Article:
Home   Google ARCHIVE SEARCH: Date:

Caltrans says steel to repair collapsed Maze
hard to find

Photo(s) by Luke Thomas

By Jeff Shuttleworth

April 30, 2007

The availability of steel could determine how quickly repairs are made to the portion of the MacArthur Maze that collapsed after a fuel tanker crashed and ignited Sunday morning, Caltrans Director Will Kempton said today.

"We will be searching the countryside for steel that will be used for the upper structure" that collapsed, Kempton told reporters at a briefing near the site of the crash and spectacular fire that reached temperatures as high as 2,750 degrees Fahrenheit.

He said, "You can't just buy steel off the shelf at the hardware store."

Caltrans Director Will Kempton

Kempton said Caltrans hopes to find a U.S. source for the steel needed for the project but will consider buying steel overseas if necessary.

The tanker, which was carrying about 8,600 gallons of gasoline, was headed westbound in Interstate Highway 80 toward southbound Interstate Highway 880 when it crashed and set off a blaze so intense that a stretch of the I-80 to Interstate Highway 580 connector, above the ramp, gave way and tumbled onto the roadway below.

Kempton said work to demolish and clean up the damaged section of the I-580 connector is proceeding quicker than originally thought and is now expected to be completed either late tonight or early Tuesday morning.

He said Caltrans hopes to complete an assessment of the damage to the I-880 connector by the end of the day on Tuesday.

Kempton said he hopes the damage to the I-880 connector is "minimal," in which case it could be repaired and reopened "in a relatively short period."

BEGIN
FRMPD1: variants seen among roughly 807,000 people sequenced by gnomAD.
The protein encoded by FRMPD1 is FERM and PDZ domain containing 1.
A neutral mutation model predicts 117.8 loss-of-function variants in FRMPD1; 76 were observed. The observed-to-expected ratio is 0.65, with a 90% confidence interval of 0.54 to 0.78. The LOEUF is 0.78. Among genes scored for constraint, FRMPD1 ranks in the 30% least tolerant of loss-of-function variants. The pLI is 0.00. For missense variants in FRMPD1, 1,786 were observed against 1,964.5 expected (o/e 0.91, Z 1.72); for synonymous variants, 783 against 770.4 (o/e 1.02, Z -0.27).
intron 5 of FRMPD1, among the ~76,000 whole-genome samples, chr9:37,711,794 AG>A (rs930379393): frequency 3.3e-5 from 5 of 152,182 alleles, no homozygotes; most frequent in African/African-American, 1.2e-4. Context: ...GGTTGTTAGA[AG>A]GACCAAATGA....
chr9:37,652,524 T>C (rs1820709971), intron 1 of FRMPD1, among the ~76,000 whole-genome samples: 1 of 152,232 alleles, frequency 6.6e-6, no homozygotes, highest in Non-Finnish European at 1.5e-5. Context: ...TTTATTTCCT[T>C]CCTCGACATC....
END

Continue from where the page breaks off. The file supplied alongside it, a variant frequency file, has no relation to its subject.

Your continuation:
But "all bets are off" if the damage is severe and there are structural problems, he said.

Work on the I-580 connector likely will take longer and there aren't any estimates at this time on how long it will take, Kempton said.

Contractor Cleveland Wrecking Co., which is based on Covina and has been working on the San Francisco-Oakland Bay Bridge retrofit project, is doing the demolition work.

Kempton said contractor ACC West Coast, which is headquartered in Lakewood, Colo., and has a regional office in Benicia, already was doing seismic retrofit work underneath the MacArthur Maze, has been hired to do the I-880 connector repair work.

Kempton said Federal Highway Administration officials were at the explosion site today. He said he's hopeful the officials will agree that the repair work is eligible for federal emergency relief funds.

He said members of California's congressional delegation tentatively are expected to tour the site on Friday.

Kempton said Caltrans is assessing the strength of the I-880 connector in a variety of ways, including visual inspections, x-rays and gauging its tension to see what kinds of loads it can support.

"We won't put people on an unsafe structure," he said.

Copyright © 2007 by Bay City News, Inc. -- Republication, Rebroadcast or any other Reuse without the express written consent of Bay City News, Inc. is prohibited.




The Hunger Site

Cooking Classes
in Buenos Aires

Buenos Aires B&B

Calitri in southern Italy

L' Aquila in Abruzzo

Health Insurance Quotes


Bruce Brugmann's


Civic Center

Dan Noyes

Greg Dewar

Griper Blade


Malik Looper






MetroWize Urban Guide

Michael Moore

N Judah Chronicles


Robert Solis

SF Bay Guardian





SFWillie's Blog



Sweet Melissa